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  The man checked the trend of his thoughts by a methereum wallet viewighty effort ofwill. He must not grow maudlin here. He spoke again to Mary,with a certain dignity.

"We shall be through the windscreen more likely than not, if you keep driving like that."bitcoin api with python"Sorry. It couldn't be helped. Got any money?"

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"Yes. Three or four pounds. Why?""That ought to do. The next time I slow down at the traffic lights, I want you to slip out, so that they won't see you. Stop the first taxi you can, and follow me. Tell your driver to follow the grey car. As soon as I see you've taken up the chase, I shall turn off. I've got to get the police on the alert. That car can move, and even if we can't keep it in sight, I don't mean it to get away."But if you can keep on its track till it delivers the case, I want you to drop out then, get the nearest call-box, ring up Scotland Yard, ask for Mr. Allenby - you'll find you'll be put through at once - and report to him. Dell your driver to keep on following the car, and not to lose sight of it till it's gone to earth somewhere where it's clear that it's putting up. Give him plenty, and tell him there'll be five pounds more for him when he calls at Scotland Yard, if he shows that he's got some brains. Have you got all that clear?""Yes. I think so. Mr. Allenby. Scotland Yard. Is that right?""Yes. Now, out you go."

Next moment, he was alone.So far, the grey car had not been hard to follow. It was heading east, and there was nothing erratic in its course, nor any other evidence that its occupants were aware that they were followed. It was not going specially fast, and the traffic lights had been opportune for pursuit. So they were once again, as they enabled Kindell to close the intervening distance, so that there was nothing between them but a hooded van which concealed him effectually; and just as the red light changed a taxi drew up beside him. From it, Irene waved him farewell as it moved forward, and he delayed a second to note its number before taking-the leftward turn.If only she had a newspaper!

As time passed, she started to look around. She got a couple of glances in return. For a moment Sophie felt like a young woman. She was only fifteen, but she could certainly have passed for seventeen--or at least, sixteen and a half.She wondered what all these people thought about being alive. They looked as though they had simply dropped in, as though they had just sat down here by chance. They were all talking away, gesticulating vehemently, but it didn't look as though they were talking about anything that mattered.She suddenly came to think of Kierkegaard, who had said that what characterized the crowd most was their idle chatter. Were all these people living at the aesthetic stage? Or was there something that was existentially important to them?In one of his early letters to her Alberto had talked about the similarity between children and philosophers. She realized again that she was afraid of becoming an adult. Suppose she too ended up crawling deep down into the fur of the white rabbit that was pulled out of the universe's top hat!

She kept her eyes on the door. Suddenly Alberto walked in. Although it was midsummer, he was wearing a black beret and a gray hip-length coat of herringbone tweed. He hurried over to her. It felt very strange to meet him in public."It's quarter past twelve!"

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"It's what is known as the academic quarter of an hour. Would you like a snack?"He sat down and looked into her eyes. Sophie shrugged."Sure. A sandwich, maybe."Alberto went up to the counter. He soon returned with a cup of coffee and two baguette sandwiches with cheese and ham.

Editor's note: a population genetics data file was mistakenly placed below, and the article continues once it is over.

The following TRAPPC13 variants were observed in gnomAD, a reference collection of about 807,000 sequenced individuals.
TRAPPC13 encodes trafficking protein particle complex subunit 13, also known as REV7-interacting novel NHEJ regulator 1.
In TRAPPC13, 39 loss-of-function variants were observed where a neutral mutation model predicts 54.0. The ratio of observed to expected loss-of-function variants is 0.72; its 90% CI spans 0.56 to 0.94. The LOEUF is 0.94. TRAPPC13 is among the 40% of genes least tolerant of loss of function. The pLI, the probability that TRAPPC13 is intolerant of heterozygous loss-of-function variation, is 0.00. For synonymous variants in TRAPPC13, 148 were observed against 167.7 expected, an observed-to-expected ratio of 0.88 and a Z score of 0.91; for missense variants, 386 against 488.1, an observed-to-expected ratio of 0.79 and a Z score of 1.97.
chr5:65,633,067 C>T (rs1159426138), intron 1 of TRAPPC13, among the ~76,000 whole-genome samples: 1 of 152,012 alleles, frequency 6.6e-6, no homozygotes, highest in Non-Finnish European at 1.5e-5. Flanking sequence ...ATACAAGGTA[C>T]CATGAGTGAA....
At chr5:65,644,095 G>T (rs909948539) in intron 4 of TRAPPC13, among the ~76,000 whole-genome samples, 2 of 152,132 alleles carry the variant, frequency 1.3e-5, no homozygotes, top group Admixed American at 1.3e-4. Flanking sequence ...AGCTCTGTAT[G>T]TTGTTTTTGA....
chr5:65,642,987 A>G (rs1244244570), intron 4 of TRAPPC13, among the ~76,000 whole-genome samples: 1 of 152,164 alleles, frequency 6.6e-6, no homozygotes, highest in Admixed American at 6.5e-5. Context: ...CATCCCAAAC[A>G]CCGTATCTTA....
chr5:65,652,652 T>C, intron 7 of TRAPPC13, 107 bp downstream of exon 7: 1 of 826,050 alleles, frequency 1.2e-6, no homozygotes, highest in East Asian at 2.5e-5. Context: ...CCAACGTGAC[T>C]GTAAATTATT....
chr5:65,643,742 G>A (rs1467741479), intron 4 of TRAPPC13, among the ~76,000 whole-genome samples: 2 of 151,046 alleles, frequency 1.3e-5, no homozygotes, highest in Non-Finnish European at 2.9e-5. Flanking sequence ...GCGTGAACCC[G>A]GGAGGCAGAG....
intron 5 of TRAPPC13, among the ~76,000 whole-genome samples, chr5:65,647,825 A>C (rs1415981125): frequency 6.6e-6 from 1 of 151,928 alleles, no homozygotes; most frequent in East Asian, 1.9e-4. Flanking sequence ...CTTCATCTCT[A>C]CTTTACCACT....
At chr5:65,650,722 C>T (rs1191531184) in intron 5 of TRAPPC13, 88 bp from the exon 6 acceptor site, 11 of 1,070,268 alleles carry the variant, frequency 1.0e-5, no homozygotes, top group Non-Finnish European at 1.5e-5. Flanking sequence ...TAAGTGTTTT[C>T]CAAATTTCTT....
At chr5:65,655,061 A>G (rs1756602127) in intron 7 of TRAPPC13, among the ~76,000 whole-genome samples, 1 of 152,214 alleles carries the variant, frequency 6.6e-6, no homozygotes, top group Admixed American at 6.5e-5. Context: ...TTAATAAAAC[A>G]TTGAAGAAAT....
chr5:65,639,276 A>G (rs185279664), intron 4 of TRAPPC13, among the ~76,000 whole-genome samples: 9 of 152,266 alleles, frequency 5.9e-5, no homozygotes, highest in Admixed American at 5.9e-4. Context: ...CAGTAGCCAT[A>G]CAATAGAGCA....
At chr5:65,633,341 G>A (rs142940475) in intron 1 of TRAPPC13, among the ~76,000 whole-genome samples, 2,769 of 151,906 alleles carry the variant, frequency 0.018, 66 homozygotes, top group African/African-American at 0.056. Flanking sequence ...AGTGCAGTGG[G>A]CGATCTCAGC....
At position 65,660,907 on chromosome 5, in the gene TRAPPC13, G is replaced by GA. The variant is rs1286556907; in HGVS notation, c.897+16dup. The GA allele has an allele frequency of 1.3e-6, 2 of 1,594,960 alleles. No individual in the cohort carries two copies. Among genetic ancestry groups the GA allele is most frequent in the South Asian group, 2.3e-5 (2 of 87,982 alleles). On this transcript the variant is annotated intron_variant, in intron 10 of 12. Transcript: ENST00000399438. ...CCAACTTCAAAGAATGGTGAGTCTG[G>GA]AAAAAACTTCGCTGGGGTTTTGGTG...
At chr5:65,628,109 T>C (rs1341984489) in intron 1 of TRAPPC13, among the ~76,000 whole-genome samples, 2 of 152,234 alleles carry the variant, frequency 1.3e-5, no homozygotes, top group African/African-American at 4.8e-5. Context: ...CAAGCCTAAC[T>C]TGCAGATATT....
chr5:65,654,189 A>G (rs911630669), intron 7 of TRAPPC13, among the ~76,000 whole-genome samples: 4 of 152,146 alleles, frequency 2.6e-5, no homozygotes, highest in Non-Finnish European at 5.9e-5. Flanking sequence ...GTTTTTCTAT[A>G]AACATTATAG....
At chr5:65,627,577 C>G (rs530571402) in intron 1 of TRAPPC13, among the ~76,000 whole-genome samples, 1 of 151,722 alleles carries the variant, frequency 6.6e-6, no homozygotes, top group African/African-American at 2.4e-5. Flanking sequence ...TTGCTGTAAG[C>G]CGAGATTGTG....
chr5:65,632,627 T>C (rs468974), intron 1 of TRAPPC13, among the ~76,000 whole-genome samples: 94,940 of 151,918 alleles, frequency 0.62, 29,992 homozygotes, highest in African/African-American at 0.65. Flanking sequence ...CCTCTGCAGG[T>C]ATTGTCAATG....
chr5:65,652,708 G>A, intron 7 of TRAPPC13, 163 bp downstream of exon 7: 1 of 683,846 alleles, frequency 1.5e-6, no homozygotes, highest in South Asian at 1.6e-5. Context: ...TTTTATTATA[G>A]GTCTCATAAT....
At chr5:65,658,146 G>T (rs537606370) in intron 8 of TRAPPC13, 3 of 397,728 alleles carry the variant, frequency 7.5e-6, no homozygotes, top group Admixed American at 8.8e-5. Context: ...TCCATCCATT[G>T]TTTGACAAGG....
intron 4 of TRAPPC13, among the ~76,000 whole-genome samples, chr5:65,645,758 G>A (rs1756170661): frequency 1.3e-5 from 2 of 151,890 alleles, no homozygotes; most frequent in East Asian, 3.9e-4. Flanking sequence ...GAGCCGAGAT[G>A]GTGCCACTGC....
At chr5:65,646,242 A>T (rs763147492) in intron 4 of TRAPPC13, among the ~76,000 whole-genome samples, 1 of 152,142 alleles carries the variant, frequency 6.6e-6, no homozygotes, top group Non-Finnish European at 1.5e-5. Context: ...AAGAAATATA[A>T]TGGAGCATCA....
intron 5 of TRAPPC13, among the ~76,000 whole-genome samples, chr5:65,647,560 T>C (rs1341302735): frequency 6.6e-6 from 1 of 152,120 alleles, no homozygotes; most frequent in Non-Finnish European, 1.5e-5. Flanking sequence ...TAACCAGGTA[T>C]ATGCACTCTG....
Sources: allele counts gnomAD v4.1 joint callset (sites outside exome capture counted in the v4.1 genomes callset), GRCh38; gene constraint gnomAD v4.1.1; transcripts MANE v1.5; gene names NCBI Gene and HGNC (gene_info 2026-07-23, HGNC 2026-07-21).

"Was it expensive?""A bagatelle, Sophie.""Do you have any excuse at all for being late?""No. I did it on purpose. I'll explain why presently."

He took a few large bites of his sandwich. Then he said:"Let's talk about our own century."

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"Has anything of philosophical interest happened?""Lots ... movements are going off in all directions We'll start with one very important direction, and that is existentialism. This is a collective term for several philosophical currents that take man's existential situation as their point of departure. We generally talk of twentieth-century existential philosophy. Several of these existential philosophers, or existentialists, based their ideas not only on Kierkegaard, but on Hegel and Marx as well."

"Uh-huh.""Another important philosopher who had a great influence on the twentieth century was the German Friedrich Nietzsche, who lived from 1844 to 1900. He, too, reacted against Hegel's philosophy and the German 'historicism.' He proposed life itself as a counterweight to the anemic interest in history and what he called the Christian 'slave morality.' He sought to effect a 'revaluation of all values,' so that the life force of the strongest should not be hampered by the weak. According to Nietzsche, both Christianity and traditional philosophy had turned away from the real world and pointed toward 'heaven' or 'the world of ideas.' But what had hitherto been considered the 'real' world was in fact a pseudo world. 'Be true to the world,' he said. 'Do not listen to those who offer you supernatural expectations.' ""So ... ?""A man who was influenced by both Kierkegaard and Nietzsche was the German existential philosopher Martin Heidegger. But we are going to concentrate on the French existentialist Jean-Paul Sartre, who lived from 1905 to 1980. He was the leading light among the existentialists--at least, to the broader public. His existentialism became especially popular in the forties, just after the war. Later on he allied himself with the Marxist movement in France, but he never became a member of any party.""Is that why we are meeting in a French cafe?""It was not quite accidental, I confess. Sartre himself spent a lot of time in cafes. He met his life-long companion Simone de Beauvoir in a cafe. She was also an existential philosopher."